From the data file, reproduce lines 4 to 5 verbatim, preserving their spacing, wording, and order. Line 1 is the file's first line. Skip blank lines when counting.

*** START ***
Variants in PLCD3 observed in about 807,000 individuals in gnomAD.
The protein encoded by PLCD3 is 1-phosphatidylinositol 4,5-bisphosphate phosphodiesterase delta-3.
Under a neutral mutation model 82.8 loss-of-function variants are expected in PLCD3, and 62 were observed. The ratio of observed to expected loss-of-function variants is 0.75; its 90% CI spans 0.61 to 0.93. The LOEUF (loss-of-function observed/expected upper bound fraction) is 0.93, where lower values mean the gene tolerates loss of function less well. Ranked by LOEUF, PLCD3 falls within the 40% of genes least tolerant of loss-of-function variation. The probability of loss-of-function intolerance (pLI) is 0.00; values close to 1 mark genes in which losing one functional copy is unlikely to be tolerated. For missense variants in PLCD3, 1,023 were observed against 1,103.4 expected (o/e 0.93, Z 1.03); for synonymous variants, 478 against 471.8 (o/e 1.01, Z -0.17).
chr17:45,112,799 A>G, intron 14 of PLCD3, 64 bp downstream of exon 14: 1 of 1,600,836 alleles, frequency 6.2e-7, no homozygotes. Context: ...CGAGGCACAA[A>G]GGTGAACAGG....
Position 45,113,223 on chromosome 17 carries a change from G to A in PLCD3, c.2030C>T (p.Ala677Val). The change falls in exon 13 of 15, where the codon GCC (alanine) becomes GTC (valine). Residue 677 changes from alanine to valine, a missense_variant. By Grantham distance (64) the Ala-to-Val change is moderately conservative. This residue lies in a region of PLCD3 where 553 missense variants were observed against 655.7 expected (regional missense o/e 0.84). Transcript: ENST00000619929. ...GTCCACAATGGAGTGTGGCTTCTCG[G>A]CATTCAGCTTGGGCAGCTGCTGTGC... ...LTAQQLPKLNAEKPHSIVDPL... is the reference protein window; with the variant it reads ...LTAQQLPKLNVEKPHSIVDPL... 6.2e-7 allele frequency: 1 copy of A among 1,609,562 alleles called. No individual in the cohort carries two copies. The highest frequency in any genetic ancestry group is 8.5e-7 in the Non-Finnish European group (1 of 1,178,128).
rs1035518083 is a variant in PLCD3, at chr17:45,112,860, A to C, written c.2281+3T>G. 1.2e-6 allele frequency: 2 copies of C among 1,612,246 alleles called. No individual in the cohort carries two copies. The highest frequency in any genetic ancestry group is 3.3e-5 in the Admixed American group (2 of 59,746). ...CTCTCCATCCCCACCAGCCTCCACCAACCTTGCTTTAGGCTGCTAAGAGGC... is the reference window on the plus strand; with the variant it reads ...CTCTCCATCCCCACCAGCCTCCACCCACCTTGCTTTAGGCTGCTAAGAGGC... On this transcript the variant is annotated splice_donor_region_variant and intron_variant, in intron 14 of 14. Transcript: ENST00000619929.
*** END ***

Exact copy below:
chr17:45,112,799 A>G, intron 14 of PLCD3, 64 bp downstream of exon 14: 1 of 1,600,836 alleles, frequency 6.2e-7, no homozygotes. Context: ...CGAGGCACAA[A>G]GGTGAACAGG....
Position 45,113,223 on chromosome 17 carries a change from G to A in PLCD3, c.2030C>T (p.Ala677Val). The change falls in exon 13 of 15, where the codon GCC (alanine) becomes GTC (valine). Residue 677 changes from alanine to valine, a missense_variant. By Grantham distance (64) the Ala-to-Val change is moderately conservative. This residue lies in a region of PLCD3 where 553 missense variants were observed against 655.7 expected (regional missense o/e 0.84). Transcript: ENST00000619929. ...GTCCACAATGGAGTGTGGCTTCTCG[G>A]CATTCAGCTTGGGCAGCTGCTGTGC... ...LTAQQLPKLNAEKPHSIVDPL... is the reference protein window; with the variant it reads ...LTAQQLPKLNVEKPHSIVDPL... 6.2e-7 allele frequency: 1 copy of A among 1,609,562 alleles called. No individual in the cohort carries two copies. The highest frequency in any genetic ancestry group is 8.5e-7 in the Non-Finnish European group (1 of 1,178,128).